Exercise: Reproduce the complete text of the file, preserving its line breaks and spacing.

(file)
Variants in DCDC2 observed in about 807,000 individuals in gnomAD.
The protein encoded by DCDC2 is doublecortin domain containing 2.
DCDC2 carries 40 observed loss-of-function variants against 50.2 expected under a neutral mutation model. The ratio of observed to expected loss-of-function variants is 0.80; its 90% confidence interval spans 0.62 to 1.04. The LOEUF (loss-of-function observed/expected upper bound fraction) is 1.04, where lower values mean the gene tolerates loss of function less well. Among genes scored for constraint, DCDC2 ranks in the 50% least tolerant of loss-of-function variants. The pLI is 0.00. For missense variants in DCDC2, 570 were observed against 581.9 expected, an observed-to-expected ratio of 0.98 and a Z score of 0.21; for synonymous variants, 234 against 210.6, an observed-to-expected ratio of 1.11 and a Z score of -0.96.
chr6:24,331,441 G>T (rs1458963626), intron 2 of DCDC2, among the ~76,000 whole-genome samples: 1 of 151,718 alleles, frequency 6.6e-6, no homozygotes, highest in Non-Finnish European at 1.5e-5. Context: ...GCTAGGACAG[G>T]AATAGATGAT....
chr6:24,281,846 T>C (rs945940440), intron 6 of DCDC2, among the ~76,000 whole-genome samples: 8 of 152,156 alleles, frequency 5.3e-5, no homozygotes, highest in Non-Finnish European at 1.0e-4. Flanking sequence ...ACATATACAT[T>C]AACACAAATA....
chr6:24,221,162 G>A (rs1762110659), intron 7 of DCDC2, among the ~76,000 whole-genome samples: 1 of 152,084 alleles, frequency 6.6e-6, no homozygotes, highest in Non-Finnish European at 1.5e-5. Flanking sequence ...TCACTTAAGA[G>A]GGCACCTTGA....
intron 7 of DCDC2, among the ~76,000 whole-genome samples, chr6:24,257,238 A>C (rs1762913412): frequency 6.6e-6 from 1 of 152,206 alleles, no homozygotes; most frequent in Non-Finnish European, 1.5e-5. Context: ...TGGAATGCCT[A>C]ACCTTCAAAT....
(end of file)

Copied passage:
Variants in DCDC2 observed in about 807,000 individuals in gnomAD.
The protein encoded by DCDC2 is doublecortin domain containing 2.
DCDC2 carries 40 observed loss-of-function variants against 50.2 expected under a neutral mutation model. The ratio of observed to expected loss-of-function variants is 0.80; its 90% confidence interval spans 0.62 to 1.04. The LOEUF (loss-of-function observed/expected upper bound fraction) is 1.04, where lower values mean the gene tolerates loss of function less well. Among genes scored for constraint, DCDC2 ranks in the 50% least tolerant of loss-of-function variants. The pLI is 0.00. For missense variants in DCDC2, 570 were observed against 581.9 expected, an observed-to-expected ratio of 0.98 and a Z score of 0.21; for synonymous variants, 234 against 210.6, an observed-to-expected ratio of 1.11 and a Z score of -0.96.
chr6:24,331,441 G>T (rs1458963626), intron 2 of DCDC2, among the ~76,000 whole-genome samples: 1 of 151,718 alleles, frequency 6.6e-6, no homozygotes, highest in Non-Finnish European at 1.5e-5. Context: ...GCTAGGACAG[G>T]AATAGATGAT....
chr6:24,281,846 T>C (rs945940440), intron 6 of DCDC2, among the ~76,000 whole-genome samples: 8 of 152,156 alleles, frequency 5.3e-5, no homozygotes, highest in Non-Finnish European at 1.0e-4. Flanking sequence ...ACATATACAT[T>C]AACACAAATA....
chr6:24,221,162 G>A (rs1762110659), intron 7 of DCDC2, among the ~76,000 whole-genome samples: 1 of 152,084 alleles, frequency 6.6e-6, no homozygotes, highest in Non-Finnish European at 1.5e-5. Flanking sequence ...TCACTTAAGA[G>A]GGCACCTTGA....
intron 7 of DCDC2, among the ~76,000 whole-genome samples, chr6:24,257,238 A>C (rs1762913412): frequency 6.6e-6 from 1 of 152,206 alleles, no homozygotes; most frequent in Non-Finnish European, 1.5e-5. Context: ...TGGAATGCCT[A>C]ACCTTCAAAT....